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An Ecclesiastical History To The 20th Year Of The Reign Of Constantine by Eusebius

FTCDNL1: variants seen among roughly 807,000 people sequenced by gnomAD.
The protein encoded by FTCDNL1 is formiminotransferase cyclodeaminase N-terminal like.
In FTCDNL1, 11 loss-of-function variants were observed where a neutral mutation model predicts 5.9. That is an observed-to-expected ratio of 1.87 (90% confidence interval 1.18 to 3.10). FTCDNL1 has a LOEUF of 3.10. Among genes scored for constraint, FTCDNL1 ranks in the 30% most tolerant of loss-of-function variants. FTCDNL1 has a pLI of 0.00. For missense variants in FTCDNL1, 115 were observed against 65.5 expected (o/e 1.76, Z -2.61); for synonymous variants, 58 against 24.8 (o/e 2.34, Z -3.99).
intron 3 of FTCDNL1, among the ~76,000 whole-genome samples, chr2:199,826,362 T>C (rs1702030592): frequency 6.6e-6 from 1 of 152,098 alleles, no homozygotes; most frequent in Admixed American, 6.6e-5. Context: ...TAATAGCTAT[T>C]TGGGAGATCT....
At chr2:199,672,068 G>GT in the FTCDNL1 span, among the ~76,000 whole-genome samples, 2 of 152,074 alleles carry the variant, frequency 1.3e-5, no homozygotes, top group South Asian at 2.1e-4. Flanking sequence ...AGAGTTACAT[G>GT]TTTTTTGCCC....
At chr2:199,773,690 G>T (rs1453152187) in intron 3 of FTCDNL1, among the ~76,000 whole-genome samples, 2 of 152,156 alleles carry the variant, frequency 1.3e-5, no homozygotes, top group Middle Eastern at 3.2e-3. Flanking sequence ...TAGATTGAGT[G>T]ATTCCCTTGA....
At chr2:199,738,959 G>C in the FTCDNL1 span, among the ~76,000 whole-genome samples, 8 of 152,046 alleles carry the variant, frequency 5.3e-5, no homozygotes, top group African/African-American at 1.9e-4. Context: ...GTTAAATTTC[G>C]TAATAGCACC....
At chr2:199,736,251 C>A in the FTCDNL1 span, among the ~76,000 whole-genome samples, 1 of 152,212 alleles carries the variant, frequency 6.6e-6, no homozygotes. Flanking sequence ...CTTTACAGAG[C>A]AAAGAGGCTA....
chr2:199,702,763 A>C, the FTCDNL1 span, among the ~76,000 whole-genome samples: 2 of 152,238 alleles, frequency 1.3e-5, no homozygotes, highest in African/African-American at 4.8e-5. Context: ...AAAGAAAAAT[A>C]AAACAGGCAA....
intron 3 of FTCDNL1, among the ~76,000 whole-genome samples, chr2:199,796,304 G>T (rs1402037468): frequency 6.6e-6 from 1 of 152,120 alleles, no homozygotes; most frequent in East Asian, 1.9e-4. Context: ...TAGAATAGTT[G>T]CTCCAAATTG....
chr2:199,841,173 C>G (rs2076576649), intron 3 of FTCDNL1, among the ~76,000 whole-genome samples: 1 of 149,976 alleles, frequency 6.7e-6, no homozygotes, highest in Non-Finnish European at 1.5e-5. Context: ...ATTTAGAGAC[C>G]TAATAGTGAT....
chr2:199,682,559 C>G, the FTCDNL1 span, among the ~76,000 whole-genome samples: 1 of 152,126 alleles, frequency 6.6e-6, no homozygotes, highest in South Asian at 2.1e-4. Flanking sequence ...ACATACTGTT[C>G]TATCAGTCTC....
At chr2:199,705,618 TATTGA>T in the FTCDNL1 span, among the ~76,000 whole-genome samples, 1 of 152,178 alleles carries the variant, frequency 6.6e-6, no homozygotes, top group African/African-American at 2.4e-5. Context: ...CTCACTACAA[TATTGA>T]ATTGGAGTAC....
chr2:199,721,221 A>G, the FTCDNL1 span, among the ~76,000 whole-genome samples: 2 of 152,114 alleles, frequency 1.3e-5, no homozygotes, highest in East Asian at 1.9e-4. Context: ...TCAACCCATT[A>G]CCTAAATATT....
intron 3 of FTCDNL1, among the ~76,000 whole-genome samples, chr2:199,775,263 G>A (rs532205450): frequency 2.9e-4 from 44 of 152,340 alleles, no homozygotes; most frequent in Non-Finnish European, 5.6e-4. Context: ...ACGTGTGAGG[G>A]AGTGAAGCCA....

AS to the writings of Peter, one of his epistles, called the first, is acknowledged as genuine. For this was anciently used by the ancient fathers in their writings, as an undoubted work of the apostle. But that which is called the second, we have not, indeed, understood to be embodied with the sacred books (ενδιαθηκον), yet as it appeared useful to many, it was studiously read with the other Scriptures. As to that work, however, which is ascribed to him, called “The Acts,” and the “Gospel according to Peter,” and that called “The Preaching and the Revelations of Peter,” we know nothing of their being handed down as Catholic writings. Since neither among the ancient nor the ecclesiastical writers of our own day, has there been one that has appealed to testimony taken from them. But as I proceed in my history, I shall carefully show with the successions of the apostles, what ecclesiastical writers in their times respectively made use of any of the disputed writings, and what opinions they have expressed, both respecting the incorporated (ενδιαθηκοι) and acknowledged writings, and also respecting those that were not of this description. These are called Peter’s epistles, of which I have understood only one epistle to be genuine and admitted by the ancient fathers. The epistles of Paul are fourteen, all well known and beyond doubt. It should not, however, be concealed, that some have set aside the Epistle to the Hebrews, saying, that it was disputed, as not being one of St. Paul’s epistles; but we shall in the proper place, also subjoin what has been said by those before our time respecting this epistle. As to what are called his Acts, I do not regard them among the works of undisputed authority. But as the same apostle in the addresses at the close of the Epistle to the Romans, has among others made mention also of Hermas, of whom they say we have the book called Pastor, it should be observed, that this too is disputed by some, on account of whom it is not placed among those of acknowledged authority (ὁμολογουμενοι). By others, however, it is judged most necessary, especially to those who need an elementary introduction. Hence we know that it has been already in public use in our churches, and I have also understood by tradition, that some of the most ancient writers have made use of it. Let this suffice for the present, to show what books were disputed, what admitted by all in the sacred Scriptures.








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